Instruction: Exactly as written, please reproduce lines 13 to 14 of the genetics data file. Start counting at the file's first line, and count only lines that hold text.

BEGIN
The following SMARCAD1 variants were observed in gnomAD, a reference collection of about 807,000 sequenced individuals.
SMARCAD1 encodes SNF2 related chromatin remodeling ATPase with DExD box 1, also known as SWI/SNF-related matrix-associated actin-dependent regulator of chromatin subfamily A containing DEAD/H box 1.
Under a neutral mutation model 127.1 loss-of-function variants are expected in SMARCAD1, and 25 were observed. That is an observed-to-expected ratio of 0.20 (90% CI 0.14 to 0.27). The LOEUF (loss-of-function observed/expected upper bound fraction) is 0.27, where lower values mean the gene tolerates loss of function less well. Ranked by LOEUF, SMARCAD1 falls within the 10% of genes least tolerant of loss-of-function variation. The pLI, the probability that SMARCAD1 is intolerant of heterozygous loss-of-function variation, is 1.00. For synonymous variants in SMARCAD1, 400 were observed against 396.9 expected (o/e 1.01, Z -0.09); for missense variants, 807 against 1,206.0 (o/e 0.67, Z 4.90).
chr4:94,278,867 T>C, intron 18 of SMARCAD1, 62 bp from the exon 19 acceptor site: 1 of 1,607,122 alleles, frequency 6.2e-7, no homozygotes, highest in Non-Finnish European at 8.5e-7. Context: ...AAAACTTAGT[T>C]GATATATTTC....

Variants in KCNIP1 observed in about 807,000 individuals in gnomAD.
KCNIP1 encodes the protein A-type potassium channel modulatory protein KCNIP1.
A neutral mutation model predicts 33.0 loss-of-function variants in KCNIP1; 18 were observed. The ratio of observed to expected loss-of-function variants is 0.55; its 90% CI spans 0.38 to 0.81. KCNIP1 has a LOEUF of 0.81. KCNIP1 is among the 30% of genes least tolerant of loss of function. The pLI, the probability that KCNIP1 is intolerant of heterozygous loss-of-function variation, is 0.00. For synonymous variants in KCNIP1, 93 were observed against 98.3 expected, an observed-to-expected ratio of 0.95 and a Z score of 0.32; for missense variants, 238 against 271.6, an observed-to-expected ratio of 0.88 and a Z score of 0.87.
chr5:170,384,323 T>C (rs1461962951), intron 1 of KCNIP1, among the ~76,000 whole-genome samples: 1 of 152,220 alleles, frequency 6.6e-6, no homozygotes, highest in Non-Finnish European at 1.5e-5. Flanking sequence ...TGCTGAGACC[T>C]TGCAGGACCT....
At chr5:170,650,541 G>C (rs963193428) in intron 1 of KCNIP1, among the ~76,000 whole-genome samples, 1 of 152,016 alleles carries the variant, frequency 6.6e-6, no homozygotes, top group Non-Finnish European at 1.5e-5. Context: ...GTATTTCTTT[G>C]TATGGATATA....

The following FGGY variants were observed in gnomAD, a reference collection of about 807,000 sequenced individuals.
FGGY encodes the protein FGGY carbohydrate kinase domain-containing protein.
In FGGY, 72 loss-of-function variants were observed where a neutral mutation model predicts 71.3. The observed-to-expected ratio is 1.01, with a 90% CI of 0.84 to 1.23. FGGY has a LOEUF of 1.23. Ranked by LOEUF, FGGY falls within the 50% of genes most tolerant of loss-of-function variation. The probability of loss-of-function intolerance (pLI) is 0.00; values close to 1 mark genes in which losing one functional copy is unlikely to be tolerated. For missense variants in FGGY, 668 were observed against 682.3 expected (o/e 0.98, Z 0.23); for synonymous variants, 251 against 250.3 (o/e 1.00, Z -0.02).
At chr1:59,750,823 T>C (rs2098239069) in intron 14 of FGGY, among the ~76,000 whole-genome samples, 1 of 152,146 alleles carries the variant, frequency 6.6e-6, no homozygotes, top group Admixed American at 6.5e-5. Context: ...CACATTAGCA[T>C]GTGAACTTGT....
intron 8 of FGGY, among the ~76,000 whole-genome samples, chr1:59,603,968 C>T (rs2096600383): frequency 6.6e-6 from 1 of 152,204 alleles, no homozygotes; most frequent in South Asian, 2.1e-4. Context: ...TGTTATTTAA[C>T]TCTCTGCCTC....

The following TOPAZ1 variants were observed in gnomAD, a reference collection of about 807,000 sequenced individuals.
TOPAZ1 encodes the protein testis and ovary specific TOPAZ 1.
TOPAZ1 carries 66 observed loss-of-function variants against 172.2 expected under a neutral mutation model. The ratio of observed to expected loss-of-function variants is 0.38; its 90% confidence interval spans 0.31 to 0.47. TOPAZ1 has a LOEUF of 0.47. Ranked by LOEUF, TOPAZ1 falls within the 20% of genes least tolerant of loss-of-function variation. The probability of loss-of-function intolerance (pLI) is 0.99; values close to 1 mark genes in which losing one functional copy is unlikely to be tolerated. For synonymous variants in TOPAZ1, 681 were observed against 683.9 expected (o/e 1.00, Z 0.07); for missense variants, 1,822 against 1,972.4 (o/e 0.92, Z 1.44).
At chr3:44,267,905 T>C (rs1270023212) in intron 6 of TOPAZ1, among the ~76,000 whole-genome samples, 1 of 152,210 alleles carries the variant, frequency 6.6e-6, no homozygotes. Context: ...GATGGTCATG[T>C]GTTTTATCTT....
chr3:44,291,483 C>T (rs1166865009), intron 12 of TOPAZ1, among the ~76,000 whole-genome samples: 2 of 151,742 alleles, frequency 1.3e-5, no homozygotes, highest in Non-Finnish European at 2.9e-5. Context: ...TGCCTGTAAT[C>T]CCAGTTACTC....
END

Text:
At chr1:59,750,823 T>C (rs2098239069) in intron 14 of FGGY, among the ~76,000 whole-genome samples, 1 of 152,146 alleles carries the variant, frequency 6.6e-6, no homozygotes, top group Admixed American at 6.5e-5. Context: ...CACATTAGCA[T>C]GTGAACTTGT....
intron 8 of FGGY, among the ~76,000 whole-genome samples, chr1:59,603,968 C>T (rs2096600383): frequency 6.6e-6 from 1 of 152,204 alleles, no homozygotes; most frequent in South Asian, 2.1e-4. Context: ...TGTTATTTAA[C>T]TCTCTGCCTC....